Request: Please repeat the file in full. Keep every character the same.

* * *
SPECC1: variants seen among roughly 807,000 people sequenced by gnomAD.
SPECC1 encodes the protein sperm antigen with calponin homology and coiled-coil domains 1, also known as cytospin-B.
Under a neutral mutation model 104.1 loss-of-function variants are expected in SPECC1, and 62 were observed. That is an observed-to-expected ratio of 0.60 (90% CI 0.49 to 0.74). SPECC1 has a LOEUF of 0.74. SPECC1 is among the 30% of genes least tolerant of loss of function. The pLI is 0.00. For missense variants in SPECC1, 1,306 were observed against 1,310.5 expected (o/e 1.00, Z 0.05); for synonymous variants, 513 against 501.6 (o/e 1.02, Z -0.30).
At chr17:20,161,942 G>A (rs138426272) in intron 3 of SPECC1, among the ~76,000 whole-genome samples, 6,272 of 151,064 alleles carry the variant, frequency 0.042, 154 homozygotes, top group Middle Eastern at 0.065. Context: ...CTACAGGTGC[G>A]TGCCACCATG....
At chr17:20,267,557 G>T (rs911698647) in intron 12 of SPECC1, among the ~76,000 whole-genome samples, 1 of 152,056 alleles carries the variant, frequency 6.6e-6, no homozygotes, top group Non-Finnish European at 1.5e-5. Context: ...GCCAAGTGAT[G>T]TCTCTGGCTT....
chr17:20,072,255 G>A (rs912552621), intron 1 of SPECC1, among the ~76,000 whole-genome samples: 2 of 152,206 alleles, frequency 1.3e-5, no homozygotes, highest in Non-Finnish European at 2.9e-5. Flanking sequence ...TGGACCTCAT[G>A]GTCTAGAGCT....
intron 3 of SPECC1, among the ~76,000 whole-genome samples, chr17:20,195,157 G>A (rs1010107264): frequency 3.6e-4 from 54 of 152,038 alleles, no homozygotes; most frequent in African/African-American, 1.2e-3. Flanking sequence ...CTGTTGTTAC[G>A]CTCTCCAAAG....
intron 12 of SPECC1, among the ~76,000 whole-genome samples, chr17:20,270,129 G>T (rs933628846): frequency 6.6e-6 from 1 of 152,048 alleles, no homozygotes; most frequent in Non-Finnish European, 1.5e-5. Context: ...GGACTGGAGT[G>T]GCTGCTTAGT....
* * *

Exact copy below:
SPECC1: variants seen among roughly 807,000 people sequenced by gnomAD.
SPECC1 encodes the protein sperm antigen with calponin homology and coiled-coil domains 1, also known as cytospin-B.
Under a neutral mutation model 104.1 loss-of-function variants are expected in SPECC1, and 62 were observed. That is an observed-to-expected ratio of 0.60 (90% CI 0.49 to 0.74). SPECC1 has a LOEUF of 0.74. SPECC1 is among the 30% of genes least tolerant of loss of function. The pLI is 0.00. For missense variants in SPECC1, 1,306 were observed against 1,310.5 expected (o/e 1.00, Z 0.05); for synonymous variants, 513 against 501.6 (o/e 1.02, Z -0.30).
At chr17:20,161,942 G>A (rs138426272) in intron 3 of SPECC1, among the ~76,000 whole-genome samples, 6,272 of 151,064 alleles carry the variant, frequency 0.042, 154 homozygotes, top group Middle Eastern at 0.065. Context: ...CTACAGGTGC[G>A]TGCCACCATG....
At chr17:20,267,557 G>T (rs911698647) in intron 12 of SPECC1, among the ~76,000 whole-genome samples, 1 of 152,056 alleles carries the variant, frequency 6.6e-6, no homozygotes, top group Non-Finnish European at 1.5e-5. Context: ...GCCAAGTGAT[G>T]TCTCTGGCTT....
chr17:20,072,255 G>A (rs912552621), intron 1 of SPECC1, among the ~76,000 whole-genome samples: 2 of 152,206 alleles, frequency 1.3e-5, no homozygotes, highest in Non-Finnish European at 2.9e-5. Flanking sequence ...TGGACCTCAT[G>A]GTCTAGAGCT....
intron 3 of SPECC1, among the ~76,000 whole-genome samples, chr17:20,195,157 G>A (rs1010107264): frequency 3.6e-4 from 54 of 152,038 alleles, no homozygotes; most frequent in African/African-American, 1.2e-3. Flanking sequence ...CTGTTGTTAC[G>A]CTCTCCAAAG....
intron 12 of SPECC1, among the ~76,000 whole-genome samples, chr17:20,270,129 G>T (rs933628846): frequency 6.6e-6 from 1 of 152,048 alleles, no homozygotes; most frequent in Non-Finnish European, 1.5e-5. Context: ...GGACTGGAGT[G>T]GCTGCTTAGT....